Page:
Thursday, 21 May 2009

A cupcake art story, or a sign or me turning into my father...


I noticed this week, that I am getting older. And I am not talking about wrinkles or getting tired more easily. It is the fact that I am showing first signs of dementia.

As I now have a beautifully decorated kitchen-diner….I decided I should purchase some sexy bits for it. You know, something to go on those lovely “cooking apple green” walls.
And it just so happens, that there is a lovely kitchenware shop right near my work.

For some bizarre reason, I thought some tiny oil paintings of cupcakes stretched on little square wooden frames were 50p. each. Nothing costs 50p. these days. Even in Baku. Especially in Baku! So what happened to my brain that I thought they could cost so little?

I did not like them, somewhat because I thought they were just too cheap. Having walked around and thought about it, I figured I liked them enough for 50 p each.
I rushed back in the shop, and I am just glad I looked at the price sign again. Of course they were not 50p, you silly cow! They were £50 each.

Thankfully, I checked before I said to the shop assistant that I would have “three of those, please”. How awfully embarrassing would that be! As an Azeri, I would have to remain unfazed by it, and pretend it was all cool when she said that would be 150 pounds, please. I would keep a straight face, smile and pass my card over. As if it were normal to pay 50 quid for a tiny wooden square with a stupid cupcake on it. Just because it was done by some trendy young artist, who probably bikes them in, wearing blue tights and a hand-knitted shapeless cardigan.

I walked out of the shop, still amazed how I could be such a moron.

And that’s when I realized, it must be my age. I must simply be getting old.
Because, this is precisely the kind of thing my father would do. The kind of thing that would make me cringe.

Once, about four years ago, when I was visiting Baku, my dad wanted to buy me a present. I had been looking for a nice ethnic rug then. ( Like a proper foreigner. When I lived in Baku I thought those rugs were too ethnic, and not western and modern enough.
Nowadays I kick myself for not having bought a huge lot like all my expat friends did. The rugs were cheap then, and the customs guys had not yet realized they could make decent money on stopping you taking them out of the country. )

So, one day dad called and excitedly announced that he found the perfect rug for me, and I had to come right away. He took me to one of the most expensive little shops in the old town where, in the dark and cool basement, a man rolled out a pretty rug. Which I knew, sadly, my father could not have afforded. I was getting nervous, however he appeared very confident.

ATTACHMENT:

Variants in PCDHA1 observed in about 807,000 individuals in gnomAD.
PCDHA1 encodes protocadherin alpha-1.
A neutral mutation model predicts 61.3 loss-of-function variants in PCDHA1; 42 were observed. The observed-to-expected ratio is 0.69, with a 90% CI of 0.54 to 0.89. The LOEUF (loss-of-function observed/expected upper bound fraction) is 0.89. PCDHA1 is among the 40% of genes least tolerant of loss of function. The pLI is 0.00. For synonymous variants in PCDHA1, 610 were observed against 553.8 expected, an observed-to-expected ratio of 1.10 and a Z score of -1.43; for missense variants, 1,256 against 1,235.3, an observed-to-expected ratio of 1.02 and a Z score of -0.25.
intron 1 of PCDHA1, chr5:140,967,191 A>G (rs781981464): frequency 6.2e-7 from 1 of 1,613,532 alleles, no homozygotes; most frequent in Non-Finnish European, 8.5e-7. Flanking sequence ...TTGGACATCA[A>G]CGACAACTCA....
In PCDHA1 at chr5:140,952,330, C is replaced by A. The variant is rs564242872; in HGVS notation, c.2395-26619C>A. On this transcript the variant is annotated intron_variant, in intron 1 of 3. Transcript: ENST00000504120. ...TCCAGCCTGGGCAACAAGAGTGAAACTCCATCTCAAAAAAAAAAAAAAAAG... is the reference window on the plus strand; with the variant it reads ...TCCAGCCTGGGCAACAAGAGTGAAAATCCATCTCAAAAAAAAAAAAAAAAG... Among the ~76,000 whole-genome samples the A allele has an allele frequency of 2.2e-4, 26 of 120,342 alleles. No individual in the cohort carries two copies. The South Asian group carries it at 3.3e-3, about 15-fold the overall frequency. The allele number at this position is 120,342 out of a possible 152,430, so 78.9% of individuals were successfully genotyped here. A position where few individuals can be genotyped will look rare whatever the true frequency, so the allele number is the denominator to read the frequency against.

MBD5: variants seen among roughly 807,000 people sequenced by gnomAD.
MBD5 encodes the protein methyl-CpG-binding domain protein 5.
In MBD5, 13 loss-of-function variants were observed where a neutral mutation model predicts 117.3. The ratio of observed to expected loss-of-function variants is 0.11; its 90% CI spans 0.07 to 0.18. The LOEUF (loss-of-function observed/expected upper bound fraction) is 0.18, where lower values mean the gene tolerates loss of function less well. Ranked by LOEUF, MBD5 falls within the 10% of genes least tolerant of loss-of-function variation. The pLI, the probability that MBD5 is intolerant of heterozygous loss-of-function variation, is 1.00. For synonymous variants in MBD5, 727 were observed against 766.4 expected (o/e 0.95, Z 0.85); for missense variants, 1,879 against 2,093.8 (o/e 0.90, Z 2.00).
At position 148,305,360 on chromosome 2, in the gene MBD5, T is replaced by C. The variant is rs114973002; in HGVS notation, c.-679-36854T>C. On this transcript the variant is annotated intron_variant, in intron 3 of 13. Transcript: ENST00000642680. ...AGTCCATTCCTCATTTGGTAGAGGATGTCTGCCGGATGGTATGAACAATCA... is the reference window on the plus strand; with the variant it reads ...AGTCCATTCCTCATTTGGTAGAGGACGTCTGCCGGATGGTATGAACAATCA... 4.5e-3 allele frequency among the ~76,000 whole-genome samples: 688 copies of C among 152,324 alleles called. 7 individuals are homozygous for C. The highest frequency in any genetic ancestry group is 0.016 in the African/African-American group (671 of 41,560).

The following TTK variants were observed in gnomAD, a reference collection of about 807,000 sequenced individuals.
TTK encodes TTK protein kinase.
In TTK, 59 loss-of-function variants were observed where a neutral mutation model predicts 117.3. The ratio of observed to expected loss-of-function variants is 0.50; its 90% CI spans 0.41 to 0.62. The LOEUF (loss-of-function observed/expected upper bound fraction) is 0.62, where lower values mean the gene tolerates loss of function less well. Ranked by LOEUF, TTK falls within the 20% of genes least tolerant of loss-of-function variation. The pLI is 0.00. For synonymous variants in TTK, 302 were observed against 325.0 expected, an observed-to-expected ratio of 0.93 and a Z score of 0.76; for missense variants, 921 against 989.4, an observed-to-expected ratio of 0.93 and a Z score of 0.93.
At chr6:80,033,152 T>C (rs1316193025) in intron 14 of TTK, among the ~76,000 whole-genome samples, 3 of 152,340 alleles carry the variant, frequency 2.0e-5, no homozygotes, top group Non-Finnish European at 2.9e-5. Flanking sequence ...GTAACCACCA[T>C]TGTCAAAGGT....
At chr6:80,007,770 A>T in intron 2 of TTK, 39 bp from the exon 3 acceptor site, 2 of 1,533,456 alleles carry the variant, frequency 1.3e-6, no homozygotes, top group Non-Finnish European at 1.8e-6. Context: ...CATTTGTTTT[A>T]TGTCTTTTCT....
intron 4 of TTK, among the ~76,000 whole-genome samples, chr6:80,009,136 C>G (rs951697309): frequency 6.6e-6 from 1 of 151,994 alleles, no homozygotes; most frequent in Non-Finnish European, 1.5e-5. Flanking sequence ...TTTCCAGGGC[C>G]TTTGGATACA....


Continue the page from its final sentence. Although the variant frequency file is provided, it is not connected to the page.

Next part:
"How much was it again?"- he asked casually, taking out Azeri manats.
“300”- said the shop owner, glancing suspiciously at my father’s money,- “Dollars” -he then added. My father was shocked. He thought the rug cost (those days) 5 times less than it really was being sold for.

I felt awful. It is one of those moments I wish I could go back in time and fix somehow, just to save my father’s grace. But I could not. It was a disaster. Personally, I did not give a damn about the shop owner and what he thought about us. But I knew my dad was not happy. He wanted to treat me, wanted to impress me with his skills of finding such a good deal. I was very frustrated for him, but also annoyed thinking: how on earth could he ever think that rug could cost 300 manats? How, at his age, could he be so naive? Because, my father is smart, and creative, and talented. But as it often happens to creative types, he is just not street wise, and lacks any common sense, whatsoever. Which is, sadly, a big problem if you are a male, and live in Azerbaijan.

And now, running away from the trendy kitchen shop, I was thinking of my dad…and the rug story. Was I turning into my father? I have lived here for so long, and I know how much things cost. I know what is in fashion (and silly cupcake pictures are totally in right now) and which shops over-charge you for just walking into them. So what the hell happened to me then? 50 pence…My a***!

4 comments:

  1. It’s a sweet story, really. It’s not old age, it’s just sometimes we are not paying attention to boring details. I’m pretty much a carbon copy of my papa, so I know exactly what you’re talking about.

    ReplyDelete
  2. Isn't it amazing? We spend our teenage years and most of our twenties to prove how different we are from our parents and then we wake up one day and realize we turned into them? It happened to me too, of course: I keep discovering in myself my dad's personality, habits, even catchphrases (that used to drive me mad and now drive my daughter crazy).

    ReplyDelete
  3. Hey, you are back! Have not heard from you for a while, dude. :) Good to have you back.

    ReplyDelete
  4. can we have another box to tick? I wanted to tick "aaaah" box.

    ReplyDelete